A recent study published in the Journal of Research on Educational Effectiveness examines the effectiveness of sending teacher-written postcards home to reduce absences in preschool through second grade.
The authors implemented a randomized intervention across schools and classrooms in two urban school districts involving an analysis sample of 5,552 students in preschool through second grade with no significant differences in pretreatment characteristics between the treatment and control groups.
For intervention group, following an absence, school staff sent postcards to parents detailing how many days of school their child had missed, alongside a handwritten note from their teacher summarizing the academic material covered during the absence. In the control classrooms, no changes were made to how teachers addressed absences. Analysis sample included absence record of students during a 13 school-week.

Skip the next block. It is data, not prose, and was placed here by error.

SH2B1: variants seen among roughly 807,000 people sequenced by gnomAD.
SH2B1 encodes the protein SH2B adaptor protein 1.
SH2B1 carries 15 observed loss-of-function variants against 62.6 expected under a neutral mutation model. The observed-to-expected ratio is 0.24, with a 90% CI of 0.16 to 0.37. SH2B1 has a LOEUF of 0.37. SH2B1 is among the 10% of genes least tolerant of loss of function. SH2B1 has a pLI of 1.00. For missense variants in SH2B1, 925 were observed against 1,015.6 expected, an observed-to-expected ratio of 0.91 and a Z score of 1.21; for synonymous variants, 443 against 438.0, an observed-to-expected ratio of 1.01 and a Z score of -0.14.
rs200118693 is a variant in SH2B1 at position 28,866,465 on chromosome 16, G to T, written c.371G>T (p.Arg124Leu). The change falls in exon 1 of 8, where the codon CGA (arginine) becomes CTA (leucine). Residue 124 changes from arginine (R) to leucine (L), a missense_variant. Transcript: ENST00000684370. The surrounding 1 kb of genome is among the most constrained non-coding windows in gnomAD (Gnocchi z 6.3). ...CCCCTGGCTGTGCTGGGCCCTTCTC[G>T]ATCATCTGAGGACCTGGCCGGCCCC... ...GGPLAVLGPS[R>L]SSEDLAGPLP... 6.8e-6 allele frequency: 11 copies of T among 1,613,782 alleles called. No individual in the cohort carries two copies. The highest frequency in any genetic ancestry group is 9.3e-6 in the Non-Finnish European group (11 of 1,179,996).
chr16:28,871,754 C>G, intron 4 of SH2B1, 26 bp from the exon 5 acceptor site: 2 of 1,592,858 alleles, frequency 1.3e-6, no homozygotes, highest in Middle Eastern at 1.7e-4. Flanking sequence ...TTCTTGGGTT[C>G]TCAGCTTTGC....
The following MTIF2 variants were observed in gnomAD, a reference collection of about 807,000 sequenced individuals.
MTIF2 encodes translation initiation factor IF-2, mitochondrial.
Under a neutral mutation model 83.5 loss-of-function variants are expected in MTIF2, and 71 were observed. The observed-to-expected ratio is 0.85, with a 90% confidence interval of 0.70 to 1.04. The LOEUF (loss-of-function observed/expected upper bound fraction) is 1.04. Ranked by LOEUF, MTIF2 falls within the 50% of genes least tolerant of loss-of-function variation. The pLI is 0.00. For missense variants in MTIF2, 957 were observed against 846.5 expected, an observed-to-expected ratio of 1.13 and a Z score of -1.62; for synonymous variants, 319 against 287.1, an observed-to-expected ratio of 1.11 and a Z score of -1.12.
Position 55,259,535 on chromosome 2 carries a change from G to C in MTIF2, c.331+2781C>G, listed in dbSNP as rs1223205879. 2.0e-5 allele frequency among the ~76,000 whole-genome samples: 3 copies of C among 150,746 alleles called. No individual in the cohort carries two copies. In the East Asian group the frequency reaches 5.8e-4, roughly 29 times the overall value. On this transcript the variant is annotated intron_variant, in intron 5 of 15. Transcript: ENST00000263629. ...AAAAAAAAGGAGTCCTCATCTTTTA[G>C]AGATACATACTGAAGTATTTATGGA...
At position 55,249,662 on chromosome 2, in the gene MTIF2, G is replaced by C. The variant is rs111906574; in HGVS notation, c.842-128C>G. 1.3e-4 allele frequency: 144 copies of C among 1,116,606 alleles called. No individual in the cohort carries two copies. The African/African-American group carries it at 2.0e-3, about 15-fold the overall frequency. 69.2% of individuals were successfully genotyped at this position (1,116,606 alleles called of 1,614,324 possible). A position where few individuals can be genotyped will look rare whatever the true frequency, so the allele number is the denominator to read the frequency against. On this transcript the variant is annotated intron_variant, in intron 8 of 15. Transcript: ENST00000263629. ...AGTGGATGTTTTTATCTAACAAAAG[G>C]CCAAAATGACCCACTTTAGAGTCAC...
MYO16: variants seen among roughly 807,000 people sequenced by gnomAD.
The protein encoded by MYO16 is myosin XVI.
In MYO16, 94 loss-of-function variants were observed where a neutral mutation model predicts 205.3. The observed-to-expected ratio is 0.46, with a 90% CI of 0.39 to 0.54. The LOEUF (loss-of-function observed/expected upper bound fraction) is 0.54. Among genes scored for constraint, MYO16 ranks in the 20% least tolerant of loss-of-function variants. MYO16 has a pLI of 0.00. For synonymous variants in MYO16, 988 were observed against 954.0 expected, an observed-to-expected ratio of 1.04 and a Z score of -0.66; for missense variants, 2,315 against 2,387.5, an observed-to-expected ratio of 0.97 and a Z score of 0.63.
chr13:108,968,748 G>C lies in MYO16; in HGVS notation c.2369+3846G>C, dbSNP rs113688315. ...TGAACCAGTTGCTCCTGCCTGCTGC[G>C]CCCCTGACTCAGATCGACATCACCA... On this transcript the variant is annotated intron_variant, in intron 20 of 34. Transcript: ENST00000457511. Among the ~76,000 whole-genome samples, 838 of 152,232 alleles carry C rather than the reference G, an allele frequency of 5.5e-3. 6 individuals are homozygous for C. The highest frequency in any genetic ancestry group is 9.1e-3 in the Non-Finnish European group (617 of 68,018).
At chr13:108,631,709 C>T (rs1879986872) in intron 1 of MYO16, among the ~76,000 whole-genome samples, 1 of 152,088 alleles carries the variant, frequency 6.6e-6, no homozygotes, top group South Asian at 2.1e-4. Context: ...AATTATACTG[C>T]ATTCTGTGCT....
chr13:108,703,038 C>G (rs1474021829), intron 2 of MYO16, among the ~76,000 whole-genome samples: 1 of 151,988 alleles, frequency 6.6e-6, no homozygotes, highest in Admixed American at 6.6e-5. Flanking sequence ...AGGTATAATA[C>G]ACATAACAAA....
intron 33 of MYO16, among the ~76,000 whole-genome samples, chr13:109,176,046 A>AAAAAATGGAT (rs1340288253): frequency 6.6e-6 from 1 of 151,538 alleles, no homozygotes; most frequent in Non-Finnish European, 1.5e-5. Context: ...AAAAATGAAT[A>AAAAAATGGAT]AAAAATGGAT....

Results showed that the treatment reduced absences by 0.45 days (95% CI, 0.14–0.76) relative to the control mean of 5.42 days absent. The point estimate corresponds to an 8.3% reduction in absences. The results are similar to other previous studies and provide evidence that a postcard intervention designed and implemented by schools and teachers can be effective in reducing absences. The teachers’ annotations with personalized academic and absence information were a unique feature of the intervention that suggests areas for further research.
Source: Himmelsbach, Z., Weisenfeld, D., Lee, J. R., Hersh, D., Sanbonmatsu, L., Staiger, D. O., & Kane, T. J. (2022). Your child missed learning the alphabet today: A randomized trial of sending teacher-written postcards home to reduce absences. Journal of Research on Educational Effectiveness, 15(2), 263–278. https://doi.org/10.1080/19345747.2021.1992812